Abel Prize for maths awarded to woman for first time

This handout photo taken on March 18, 2019 in Princeton, New Jersey and released on March 19, 2019 by The Norwegian Academy of Science and Letters / Institute for Advanced Study shows scientist Karen Uhlenbeck. (AFP)
Updated 20 March 2019
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Abel Prize for maths awarded to woman for first time

  • American Karen Uhlenbeck won the Abel Prize in mathematics for her work on partial differential equations
  • Uhlenbeck, 76, is a visiting senior research scholar at Princeton University

OSLO, Norway: Women took another step forward in the still male-dominated world of science Tuesday, as American Karen Uhlenbeck won the Abel Prize in mathematics for her work on partial differential equations.
“Karen Uhlenbeck receives the Abel Prize 2019 for her fundamental work in geometric analysis and gauge theory, which has dramatically changed the mathematical landscape,” Abel Committee chairman Hans Munthe-Kaas said in a statement.
“Her theories have revolutionized our understanding of minimal surfaces, such as those formed by soap bubbles, and more general minimization problems in higher dimensions.”
She is the first woman to win the prize, which comes with a cheque for six million kroner (620,000 euros, $703,000). She is also an advocate for gender equality in science and mathematics.
“I am aware of the fact that I am a role model for young women in mathematics,” said Uhlenbeck, according to a Princeton statement.
“It’s hard to be a role model, however, because what you really need to do is show students how imperfect people can be and still succeed... I may be a wonderful mathematician and famous because of it, but I’m also very human.”
Uhlenbeck, 76, is a visiting senior research scholar at Princeton University, as well as visiting associate at the Institute for Advanced Study (IAS), both in the US.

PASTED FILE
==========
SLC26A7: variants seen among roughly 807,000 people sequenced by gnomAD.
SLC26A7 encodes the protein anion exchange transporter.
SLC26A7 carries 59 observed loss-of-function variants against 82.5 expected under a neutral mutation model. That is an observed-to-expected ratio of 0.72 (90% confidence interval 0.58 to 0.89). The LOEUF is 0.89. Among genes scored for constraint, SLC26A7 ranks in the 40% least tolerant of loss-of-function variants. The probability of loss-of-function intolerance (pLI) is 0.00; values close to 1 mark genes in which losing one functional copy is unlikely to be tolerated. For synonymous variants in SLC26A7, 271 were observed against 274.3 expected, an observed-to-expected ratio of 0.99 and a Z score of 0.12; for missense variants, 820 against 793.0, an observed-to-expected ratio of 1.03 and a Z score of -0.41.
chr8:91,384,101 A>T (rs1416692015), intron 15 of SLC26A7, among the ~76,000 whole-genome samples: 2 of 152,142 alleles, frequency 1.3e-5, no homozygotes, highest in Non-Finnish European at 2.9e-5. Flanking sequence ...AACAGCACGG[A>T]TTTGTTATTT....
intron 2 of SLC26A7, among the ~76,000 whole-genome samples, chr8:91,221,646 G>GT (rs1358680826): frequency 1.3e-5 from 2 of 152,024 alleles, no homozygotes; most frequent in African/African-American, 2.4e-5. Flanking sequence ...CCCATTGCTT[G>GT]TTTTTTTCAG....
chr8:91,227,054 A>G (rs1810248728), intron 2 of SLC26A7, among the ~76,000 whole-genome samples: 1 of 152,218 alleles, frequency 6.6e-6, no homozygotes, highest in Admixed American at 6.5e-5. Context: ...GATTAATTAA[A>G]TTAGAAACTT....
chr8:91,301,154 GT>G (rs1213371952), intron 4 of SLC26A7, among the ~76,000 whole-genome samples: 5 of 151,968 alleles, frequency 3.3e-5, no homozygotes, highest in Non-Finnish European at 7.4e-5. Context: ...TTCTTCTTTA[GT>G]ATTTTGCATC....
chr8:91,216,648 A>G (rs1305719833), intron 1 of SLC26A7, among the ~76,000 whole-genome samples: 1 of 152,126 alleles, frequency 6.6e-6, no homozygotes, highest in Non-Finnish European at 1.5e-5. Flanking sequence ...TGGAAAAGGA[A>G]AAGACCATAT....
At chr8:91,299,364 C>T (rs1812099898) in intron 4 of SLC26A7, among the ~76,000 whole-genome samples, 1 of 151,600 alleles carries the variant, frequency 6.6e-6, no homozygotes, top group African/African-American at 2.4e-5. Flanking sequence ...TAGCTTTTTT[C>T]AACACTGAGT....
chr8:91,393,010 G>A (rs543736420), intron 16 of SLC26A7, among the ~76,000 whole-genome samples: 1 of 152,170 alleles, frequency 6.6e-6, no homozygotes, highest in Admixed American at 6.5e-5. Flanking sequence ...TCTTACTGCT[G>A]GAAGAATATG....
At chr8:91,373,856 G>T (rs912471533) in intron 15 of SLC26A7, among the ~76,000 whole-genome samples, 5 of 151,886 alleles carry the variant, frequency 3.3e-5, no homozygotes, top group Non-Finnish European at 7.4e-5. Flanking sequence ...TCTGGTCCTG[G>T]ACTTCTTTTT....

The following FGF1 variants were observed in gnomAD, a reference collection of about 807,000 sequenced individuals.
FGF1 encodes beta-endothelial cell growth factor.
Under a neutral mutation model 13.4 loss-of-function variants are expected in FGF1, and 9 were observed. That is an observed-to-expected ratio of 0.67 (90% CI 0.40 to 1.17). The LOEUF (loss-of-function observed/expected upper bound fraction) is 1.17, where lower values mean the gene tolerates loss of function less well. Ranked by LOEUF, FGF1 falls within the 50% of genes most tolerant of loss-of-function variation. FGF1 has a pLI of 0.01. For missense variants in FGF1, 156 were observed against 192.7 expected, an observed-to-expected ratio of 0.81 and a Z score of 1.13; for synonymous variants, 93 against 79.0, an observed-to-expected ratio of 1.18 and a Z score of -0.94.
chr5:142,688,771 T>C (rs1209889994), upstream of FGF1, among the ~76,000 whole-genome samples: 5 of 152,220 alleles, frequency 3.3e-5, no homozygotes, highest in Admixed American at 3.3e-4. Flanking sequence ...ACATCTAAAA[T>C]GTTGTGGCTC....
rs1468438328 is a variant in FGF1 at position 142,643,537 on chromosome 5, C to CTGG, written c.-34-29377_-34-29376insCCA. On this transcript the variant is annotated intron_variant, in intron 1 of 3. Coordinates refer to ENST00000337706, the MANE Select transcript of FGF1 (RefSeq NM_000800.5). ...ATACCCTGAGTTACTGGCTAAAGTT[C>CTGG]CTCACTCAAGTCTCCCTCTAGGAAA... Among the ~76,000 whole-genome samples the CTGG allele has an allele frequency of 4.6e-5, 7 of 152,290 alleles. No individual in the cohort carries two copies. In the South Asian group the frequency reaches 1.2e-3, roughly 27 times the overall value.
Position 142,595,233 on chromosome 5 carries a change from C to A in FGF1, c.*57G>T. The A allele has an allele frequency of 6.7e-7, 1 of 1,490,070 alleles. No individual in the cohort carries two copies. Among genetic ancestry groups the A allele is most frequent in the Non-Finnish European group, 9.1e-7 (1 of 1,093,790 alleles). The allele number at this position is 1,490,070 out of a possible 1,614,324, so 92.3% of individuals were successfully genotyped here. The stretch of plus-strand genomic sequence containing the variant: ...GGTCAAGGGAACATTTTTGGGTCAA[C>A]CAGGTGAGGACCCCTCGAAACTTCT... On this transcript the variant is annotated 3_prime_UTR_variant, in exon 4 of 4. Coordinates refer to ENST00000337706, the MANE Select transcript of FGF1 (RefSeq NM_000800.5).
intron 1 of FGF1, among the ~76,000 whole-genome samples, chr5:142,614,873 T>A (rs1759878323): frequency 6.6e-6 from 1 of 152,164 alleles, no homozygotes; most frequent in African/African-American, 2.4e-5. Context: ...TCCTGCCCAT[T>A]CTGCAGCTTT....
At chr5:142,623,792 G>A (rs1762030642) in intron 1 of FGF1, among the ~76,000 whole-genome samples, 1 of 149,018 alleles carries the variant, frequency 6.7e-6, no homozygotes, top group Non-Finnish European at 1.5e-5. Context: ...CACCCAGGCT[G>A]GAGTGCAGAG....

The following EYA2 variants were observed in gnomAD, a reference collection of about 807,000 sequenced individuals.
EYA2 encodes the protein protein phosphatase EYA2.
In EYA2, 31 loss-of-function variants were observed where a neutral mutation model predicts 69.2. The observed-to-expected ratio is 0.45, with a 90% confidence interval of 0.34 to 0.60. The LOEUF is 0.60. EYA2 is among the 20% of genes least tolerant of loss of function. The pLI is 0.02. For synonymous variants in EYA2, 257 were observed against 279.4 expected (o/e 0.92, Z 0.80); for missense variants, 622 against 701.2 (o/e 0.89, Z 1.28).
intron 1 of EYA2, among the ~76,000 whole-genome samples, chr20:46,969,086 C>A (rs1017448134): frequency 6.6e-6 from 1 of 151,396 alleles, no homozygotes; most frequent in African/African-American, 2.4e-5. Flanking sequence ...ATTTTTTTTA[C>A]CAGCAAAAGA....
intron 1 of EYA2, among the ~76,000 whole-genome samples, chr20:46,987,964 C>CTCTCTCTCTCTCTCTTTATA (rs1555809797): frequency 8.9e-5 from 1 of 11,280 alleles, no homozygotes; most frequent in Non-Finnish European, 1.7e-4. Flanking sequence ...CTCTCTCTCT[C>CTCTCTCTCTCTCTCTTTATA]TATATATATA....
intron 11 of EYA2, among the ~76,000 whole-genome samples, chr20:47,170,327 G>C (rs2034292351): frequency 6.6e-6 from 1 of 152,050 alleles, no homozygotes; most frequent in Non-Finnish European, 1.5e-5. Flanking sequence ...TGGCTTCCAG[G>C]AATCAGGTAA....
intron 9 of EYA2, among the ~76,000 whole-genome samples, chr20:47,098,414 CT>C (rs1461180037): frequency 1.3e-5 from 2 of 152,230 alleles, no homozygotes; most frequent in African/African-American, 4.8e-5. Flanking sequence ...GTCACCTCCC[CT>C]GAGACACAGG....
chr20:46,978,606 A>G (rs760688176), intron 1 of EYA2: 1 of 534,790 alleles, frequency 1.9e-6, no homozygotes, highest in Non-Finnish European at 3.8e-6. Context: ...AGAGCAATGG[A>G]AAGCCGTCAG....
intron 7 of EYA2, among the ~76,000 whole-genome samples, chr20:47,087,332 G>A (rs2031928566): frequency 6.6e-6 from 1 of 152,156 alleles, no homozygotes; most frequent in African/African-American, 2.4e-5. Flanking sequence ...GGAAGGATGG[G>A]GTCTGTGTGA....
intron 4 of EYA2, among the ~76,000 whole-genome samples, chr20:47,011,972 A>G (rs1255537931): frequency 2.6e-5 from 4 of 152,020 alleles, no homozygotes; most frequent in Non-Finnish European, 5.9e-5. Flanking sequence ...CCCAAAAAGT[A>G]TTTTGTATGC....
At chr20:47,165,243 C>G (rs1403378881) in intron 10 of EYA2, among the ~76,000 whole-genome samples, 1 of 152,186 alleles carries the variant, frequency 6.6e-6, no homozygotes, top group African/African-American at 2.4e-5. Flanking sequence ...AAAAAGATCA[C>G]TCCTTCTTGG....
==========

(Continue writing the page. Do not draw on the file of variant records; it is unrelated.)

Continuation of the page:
The Cleveland native “developed tools and methods in global analysis, which are now in the toolbox of every geometer and analyst,” the Norwegian Academy of Science and Letters said.


With the award, Uhlenbeck joined a still very small club of women who have scored a scientific prize.
Of the 607 Nobel prizes in physics, chemistry or medicine between 1901 and 2018, only 19 women were among the awardees, according to the Nobel Prize website. Marie Curie won twice, once for physics and another time for chemistry.
Only one woman has won the other major international mathematics prize — the Fields Medal — Maryam Mirzakhani of Iran in 2014. She died in 2017.
Princeton mathematician Alice Chang Sun-Yung, who is a member of the Abel committee, said “women are relative ‘newcomers” as research mathematicians, so it will take a while for us to get to the level of the ‘top prize winners.’“
“There needs to be some ‘critical mass,’ not a just few truly outstanding exceptional individuals for the math community to recognize and accept women as equally talented (in math) as men,” she told AFP.
“But change is coming and is in the air,” she added, pointing to wins by Uhlenbeck and Claire Voisin, who won the Shaw Prize in science in 2017.
Named after the 19th century Norwegian mathematician Niels Henrik Abel, the prize was established by the Oslo government in 2002 and first awarded a year later, to honor outstanding scientific work in the field of mathematics, a discipline not included among the Nobel awards.
Along with the Fields Medal, which is awarded every four years at the Congress of the International Mathematical Union (IMU), it is one of the world’s most prestigious maths prizes.
burs-cat/oh/ska


Three Dubai-based fashionistas explain style differences between Pakistan and the UAE

Updated 25 August 2019
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Three Dubai-based fashionistas explain style differences between Pakistan and the UAE

  • The two countries share a Muslim majority, hot climate and a love of Pakistani fashion designers
  • But when it comes to style, both countries have radically different approaches

ISLAMABAD: Dubai and Pakistan share many things: a Muslim majority, hot climate and a love of Pakistani fashion designers. However, when it comes to style, both countries have radically different approaches. Arab News spoke to prominent Pakistanis in the world of fashion to ask them what set Dubai style apart from Pakistan.
Jahanara Amin Mir, Lawyer, living in Dubai
"If we break it down, when I wake up in Pakistan my biggest struggle is how much skin can I show? Here in Dubai that hurdle does not exist. The first thing I think when I wake up is ‘ok, how do I want to express myself today?’